- Makes a great platform for further development or as a teaching aid, has ready-to-go software that should inspire and invite discussion. Easy to obtain components.
- Lidar demo! the UI can be served directly onto a mobile phone attached to the unit as a access point. The interface was designed withphone displays in mind, though it works well on any HTML5 browser.
- Even without a servo the UI gives a nice clear distance display, with a history graph, and all the main sensor setting available.
- With a servo attached you get extra controls for manual motor movement, scanning, zeroing, and a simple graphical polar plot of the readings to emulate a 'real' LIDAR.
- Up to 4M range (in ideal conditions, in reality 2m is a good maximum to plan for), the range readings tend to continuously float by a few CM, but this is acceptable for my uses.
- Auto scan function has wide and narrow ranges, and the step resolution can be adjusted.
- Meaningful options for setting the speed and range values of the sensor, ability to narrow the field of view (Region of Interest) improving sharpness at the expense of range.
- WiFi can be configured to work as a standalone AccessPoint, or connect to an existing network.
- Software is not particularly convoluted; I'm not a 'programmers' programmer, so I tend to keep routines simple and comments long.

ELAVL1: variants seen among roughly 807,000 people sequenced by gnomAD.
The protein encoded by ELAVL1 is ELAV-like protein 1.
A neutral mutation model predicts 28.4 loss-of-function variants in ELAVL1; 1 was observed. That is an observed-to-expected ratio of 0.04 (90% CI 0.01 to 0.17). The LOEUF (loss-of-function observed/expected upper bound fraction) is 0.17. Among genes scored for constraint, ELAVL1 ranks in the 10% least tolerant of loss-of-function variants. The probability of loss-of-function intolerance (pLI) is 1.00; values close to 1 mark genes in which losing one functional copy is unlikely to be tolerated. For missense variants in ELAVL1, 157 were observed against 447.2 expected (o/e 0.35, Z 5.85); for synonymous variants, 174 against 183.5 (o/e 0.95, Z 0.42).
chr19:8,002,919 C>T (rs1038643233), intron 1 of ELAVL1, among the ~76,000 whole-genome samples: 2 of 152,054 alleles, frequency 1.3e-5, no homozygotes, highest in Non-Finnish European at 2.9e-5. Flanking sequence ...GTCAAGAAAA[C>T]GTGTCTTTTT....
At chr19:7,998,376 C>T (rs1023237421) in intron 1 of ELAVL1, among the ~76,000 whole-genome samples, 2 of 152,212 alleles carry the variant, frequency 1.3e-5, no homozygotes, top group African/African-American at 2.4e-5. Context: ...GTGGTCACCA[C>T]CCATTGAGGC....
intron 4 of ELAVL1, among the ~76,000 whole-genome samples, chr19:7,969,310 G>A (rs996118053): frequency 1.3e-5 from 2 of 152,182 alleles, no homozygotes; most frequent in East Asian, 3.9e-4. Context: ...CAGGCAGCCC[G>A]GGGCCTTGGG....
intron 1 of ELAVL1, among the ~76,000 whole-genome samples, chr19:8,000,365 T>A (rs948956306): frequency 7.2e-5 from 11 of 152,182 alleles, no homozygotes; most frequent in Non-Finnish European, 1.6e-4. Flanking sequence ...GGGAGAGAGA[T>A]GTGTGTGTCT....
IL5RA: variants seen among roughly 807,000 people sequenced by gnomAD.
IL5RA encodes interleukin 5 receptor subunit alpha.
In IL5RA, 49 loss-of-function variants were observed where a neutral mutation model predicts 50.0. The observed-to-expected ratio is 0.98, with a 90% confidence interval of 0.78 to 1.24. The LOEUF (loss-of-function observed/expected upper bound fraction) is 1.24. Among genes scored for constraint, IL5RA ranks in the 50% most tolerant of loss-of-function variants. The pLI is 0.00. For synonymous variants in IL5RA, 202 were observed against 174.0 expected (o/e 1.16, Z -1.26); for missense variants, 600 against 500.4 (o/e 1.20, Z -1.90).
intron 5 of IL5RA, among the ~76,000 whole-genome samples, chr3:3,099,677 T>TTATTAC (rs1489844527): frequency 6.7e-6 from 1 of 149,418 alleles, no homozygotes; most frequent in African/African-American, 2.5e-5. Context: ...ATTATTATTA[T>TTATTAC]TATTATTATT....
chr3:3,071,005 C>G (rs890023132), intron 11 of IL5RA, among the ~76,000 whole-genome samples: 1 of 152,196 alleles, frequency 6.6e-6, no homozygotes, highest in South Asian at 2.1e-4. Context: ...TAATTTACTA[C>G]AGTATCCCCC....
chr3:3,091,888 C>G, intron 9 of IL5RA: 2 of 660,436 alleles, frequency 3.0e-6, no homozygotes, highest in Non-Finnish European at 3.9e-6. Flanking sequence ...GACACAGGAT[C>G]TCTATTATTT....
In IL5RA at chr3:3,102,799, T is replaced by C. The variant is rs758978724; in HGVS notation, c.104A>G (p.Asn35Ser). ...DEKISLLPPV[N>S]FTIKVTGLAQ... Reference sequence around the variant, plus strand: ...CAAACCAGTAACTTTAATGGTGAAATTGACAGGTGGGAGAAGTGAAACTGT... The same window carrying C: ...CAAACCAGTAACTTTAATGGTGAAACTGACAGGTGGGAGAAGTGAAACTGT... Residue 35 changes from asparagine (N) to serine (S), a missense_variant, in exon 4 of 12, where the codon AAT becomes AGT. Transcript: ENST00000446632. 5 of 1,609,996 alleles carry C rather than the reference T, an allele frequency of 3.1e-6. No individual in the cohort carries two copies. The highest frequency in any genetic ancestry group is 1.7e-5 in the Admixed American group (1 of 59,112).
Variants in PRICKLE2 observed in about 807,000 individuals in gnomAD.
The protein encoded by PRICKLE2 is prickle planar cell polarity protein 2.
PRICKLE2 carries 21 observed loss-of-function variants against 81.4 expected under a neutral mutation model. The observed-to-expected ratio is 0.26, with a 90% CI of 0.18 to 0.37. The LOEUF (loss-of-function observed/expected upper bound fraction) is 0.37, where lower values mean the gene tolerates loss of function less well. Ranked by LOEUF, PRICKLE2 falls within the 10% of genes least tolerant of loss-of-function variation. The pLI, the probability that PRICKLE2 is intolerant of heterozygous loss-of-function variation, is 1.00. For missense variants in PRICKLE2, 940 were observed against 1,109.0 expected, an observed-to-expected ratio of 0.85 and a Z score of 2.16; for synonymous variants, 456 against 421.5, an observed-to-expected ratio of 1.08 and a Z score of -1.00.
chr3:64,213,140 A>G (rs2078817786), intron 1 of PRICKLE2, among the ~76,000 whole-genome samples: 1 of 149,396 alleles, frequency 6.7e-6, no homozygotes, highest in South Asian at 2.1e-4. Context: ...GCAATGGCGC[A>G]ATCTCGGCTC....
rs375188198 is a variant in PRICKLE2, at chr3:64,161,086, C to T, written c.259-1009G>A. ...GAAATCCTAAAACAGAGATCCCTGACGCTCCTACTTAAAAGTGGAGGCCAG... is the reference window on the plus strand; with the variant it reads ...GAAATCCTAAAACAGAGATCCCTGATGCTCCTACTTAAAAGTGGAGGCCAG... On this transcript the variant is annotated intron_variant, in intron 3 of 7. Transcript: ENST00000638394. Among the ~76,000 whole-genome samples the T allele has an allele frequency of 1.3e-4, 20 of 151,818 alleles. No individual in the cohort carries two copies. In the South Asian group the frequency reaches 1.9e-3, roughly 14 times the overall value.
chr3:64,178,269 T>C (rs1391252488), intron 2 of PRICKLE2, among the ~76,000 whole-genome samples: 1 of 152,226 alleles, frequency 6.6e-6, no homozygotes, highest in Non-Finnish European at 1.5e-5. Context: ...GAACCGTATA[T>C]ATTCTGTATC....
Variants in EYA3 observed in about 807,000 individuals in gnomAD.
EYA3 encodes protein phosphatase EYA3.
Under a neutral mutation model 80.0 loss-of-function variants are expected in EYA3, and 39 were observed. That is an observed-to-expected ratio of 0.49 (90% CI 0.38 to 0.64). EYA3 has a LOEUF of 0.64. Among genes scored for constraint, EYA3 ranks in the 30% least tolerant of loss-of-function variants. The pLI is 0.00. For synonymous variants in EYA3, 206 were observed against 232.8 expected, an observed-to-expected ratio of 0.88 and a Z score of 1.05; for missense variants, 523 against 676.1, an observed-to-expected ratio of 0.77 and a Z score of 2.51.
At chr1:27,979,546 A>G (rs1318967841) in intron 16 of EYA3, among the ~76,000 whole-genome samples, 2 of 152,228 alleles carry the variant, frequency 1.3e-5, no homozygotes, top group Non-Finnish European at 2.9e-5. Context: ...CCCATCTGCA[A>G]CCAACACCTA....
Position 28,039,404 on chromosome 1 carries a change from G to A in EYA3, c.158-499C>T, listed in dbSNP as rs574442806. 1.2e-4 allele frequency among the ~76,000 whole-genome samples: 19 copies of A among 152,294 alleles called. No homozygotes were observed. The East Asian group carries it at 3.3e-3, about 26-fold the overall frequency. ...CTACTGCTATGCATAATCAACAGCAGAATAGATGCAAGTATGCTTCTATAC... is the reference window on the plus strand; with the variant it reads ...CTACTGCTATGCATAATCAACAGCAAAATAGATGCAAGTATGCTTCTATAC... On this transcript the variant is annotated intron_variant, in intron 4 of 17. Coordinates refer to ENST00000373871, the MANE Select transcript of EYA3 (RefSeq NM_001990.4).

- Motor can be de-powered remotely, useful to save power and reduce heat (the motor can get quite warm)
See the instructions section below!
Also look at the README in the GitHub repo for this project, or the files section below.
Feel free to make your own base from Lego, clay, toilet rolls and duct tape, or whatever floats your boat., but I provide a model to print too.
Notes for other IOT Ecosystems
I see no reason why this would not work with an ESP8266, or other Wifi-enabled Arduino-alike boards. The WiFi and Sensor libraries are very standard, you would have to check wiring etc but the code and design are pretty MCU independent.
- The code can be a bit laggy/unresponsive to control button presses,
This is dependent on network congestion and sensor measurement interval.
It's caused by the I2C access to the sensor and motor movements blocking the WiFi server in the ESP. For the same reason movement during scans can also be jerky since they are dependent on the client requests. being processed
- Currently there is no Homing/Zero sensor. You need to 'zero' the sensor rotation before power up (or while the servo is de-powered).
- There is no facility for continuous sensor rotation in this version, I assume the sensor is directly wired and that the user will ensure it is 'homed' before use. The software limits movement to +/- 145g degrees from that.
- Lockups and WiFi disconnects associated with motor movement are undoubtedly caused by the USB supply dipping and causing brownouts, use a decent PSU and cable.
The UI lagginess needs solving with a software re-architect to use both cores. One for sensor//motor, the other for webserver, allowing the I2C and Wifi activities to co-exist without blocking each other.
The SparkFun library used for the sensor could be replaced with the genuine ST Micro one,
Lots can be done in software, both to improve response, but also:
- Calibration: The VL53L1X has calibration modes for distance offset, signal level and temperature compensation. None of these are currently implemented, but could be useful.
- Output; a much bigger scan graph, with scales and other visual aids.
- DataLogging; with the PSRam on the ESP32 boards it should be possible to log scan results for later access.
Commutator Rings; not really good for low-voltage high speed serial connections. ...Read more »